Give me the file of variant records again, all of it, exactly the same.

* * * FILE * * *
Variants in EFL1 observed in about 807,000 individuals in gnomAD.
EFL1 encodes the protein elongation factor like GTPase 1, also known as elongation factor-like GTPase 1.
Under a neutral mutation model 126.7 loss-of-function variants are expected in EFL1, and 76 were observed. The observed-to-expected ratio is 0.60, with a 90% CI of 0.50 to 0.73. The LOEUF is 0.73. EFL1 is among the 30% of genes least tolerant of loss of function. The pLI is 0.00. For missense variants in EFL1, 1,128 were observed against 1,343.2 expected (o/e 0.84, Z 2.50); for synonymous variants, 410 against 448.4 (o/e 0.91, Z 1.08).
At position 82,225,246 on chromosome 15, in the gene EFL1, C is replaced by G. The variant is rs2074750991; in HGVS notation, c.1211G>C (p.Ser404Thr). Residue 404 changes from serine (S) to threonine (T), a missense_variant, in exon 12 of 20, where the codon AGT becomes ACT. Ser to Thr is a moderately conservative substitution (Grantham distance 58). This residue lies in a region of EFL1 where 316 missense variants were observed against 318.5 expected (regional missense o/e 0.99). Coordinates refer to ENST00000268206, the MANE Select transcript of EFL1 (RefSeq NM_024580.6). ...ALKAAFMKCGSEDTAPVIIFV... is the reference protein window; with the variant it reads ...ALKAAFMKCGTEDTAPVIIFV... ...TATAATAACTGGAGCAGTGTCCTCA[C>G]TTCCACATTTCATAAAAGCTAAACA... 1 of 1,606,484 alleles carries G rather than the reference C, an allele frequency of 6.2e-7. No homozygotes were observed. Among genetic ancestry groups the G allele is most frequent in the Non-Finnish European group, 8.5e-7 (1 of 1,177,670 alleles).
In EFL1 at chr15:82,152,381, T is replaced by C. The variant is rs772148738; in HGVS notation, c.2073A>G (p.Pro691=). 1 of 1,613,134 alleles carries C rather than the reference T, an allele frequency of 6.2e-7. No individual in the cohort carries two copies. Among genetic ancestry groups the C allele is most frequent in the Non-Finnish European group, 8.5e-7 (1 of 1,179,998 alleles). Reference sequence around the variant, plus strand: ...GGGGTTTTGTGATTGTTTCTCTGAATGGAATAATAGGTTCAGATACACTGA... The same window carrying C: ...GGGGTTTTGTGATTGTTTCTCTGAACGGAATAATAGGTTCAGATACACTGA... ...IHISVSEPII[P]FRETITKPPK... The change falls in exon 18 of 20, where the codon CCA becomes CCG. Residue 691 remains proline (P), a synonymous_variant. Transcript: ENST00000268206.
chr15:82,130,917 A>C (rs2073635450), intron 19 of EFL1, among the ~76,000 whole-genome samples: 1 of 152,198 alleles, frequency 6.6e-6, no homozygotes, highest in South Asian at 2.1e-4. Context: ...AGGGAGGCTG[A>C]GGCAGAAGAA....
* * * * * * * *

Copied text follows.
Variants in EFL1 observed in about 807,000 individuals in gnomAD.
EFL1 encodes the protein elongation factor like GTPase 1, also known as elongation factor-like GTPase 1.
Under a neutral mutation model 126.7 loss-of-function variants are expected in EFL1, and 76 were observed. The observed-to-expected ratio is 0.60, with a 90% CI of 0.50 to 0.73. The LOEUF is 0.73. EFL1 is among the 30% of genes least tolerant of loss of function. The pLI is 0.00. For missense variants in EFL1, 1,128 were observed against 1,343.2 expected (o/e 0.84, Z 2.50); for synonymous variants, 410 against 448.4 (o/e 0.91, Z 1.08).
At position 82,225,246 on chromosome 15, in the gene EFL1, C is replaced by G. The variant is rs2074750991; in HGVS notation, c.1211G>C (p.Ser404Thr). Residue 404 changes from serine (S) to threonine (T), a missense_variant, in exon 12 of 20, where the codon AGT becomes ACT. Ser to Thr is a moderately conservative substitution (Grantham distance 58). This residue lies in a region of EFL1 where 316 missense variants were observed against 318.5 expected (regional missense o/e 0.99). Coordinates refer to ENST00000268206, the MANE Select transcript of EFL1 (RefSeq NM_024580.6). ...ALKAAFMKCGSEDTAPVIIFV... is the reference protein window; with the variant it reads ...ALKAAFMKCGTEDTAPVIIFV... ...TATAATAACTGGAGCAGTGTCCTCA[C>G]TTCCACATTTCATAAAAGCTAAACA... 1 of 1,606,484 alleles carries G rather than the reference C, an allele frequency of 6.2e-7. No homozygotes were observed. Among genetic ancestry groups the G allele is most frequent in the Non-Finnish European group, 8.5e-7 (1 of 1,177,670 alleles).
In EFL1 at chr15:82,152,381, T is replaced by C. The variant is rs772148738; in HGVS notation, c.2073A>G (p.Pro691=). 1 of 1,613,134 alleles carries C rather than the reference T, an allele frequency of 6.2e-7. No individual in the cohort carries two copies. Among genetic ancestry groups the C allele is most frequent in the Non-Finnish European group, 8.5e-7 (1 of 1,179,998 alleles). Reference sequence around the variant, plus strand: ...GGGGTTTTGTGATTGTTTCTCTGAATGGAATAATAGGTTCAGATACACTGA... The same window carrying C: ...GGGGTTTTGTGATTGTTTCTCTGAACGGAATAATAGGTTCAGATACACTGA... ...IHISVSEPII[P]FRETITKPPK... The change falls in exon 18 of 20, where the codon CCA becomes CCG. Residue 691 remains proline (P), a synonymous_variant. Transcript: ENST00000268206.
chr15:82,130,917 A>C (rs2073635450), intron 19 of EFL1, among the ~76,000 whole-genome samples: 1 of 152,198 alleles, frequency 6.6e-6, no homozygotes, highest in South Asian at 2.1e-4. Context: ...AGGGAGGCTG[A>C]GGCAGAAGAA....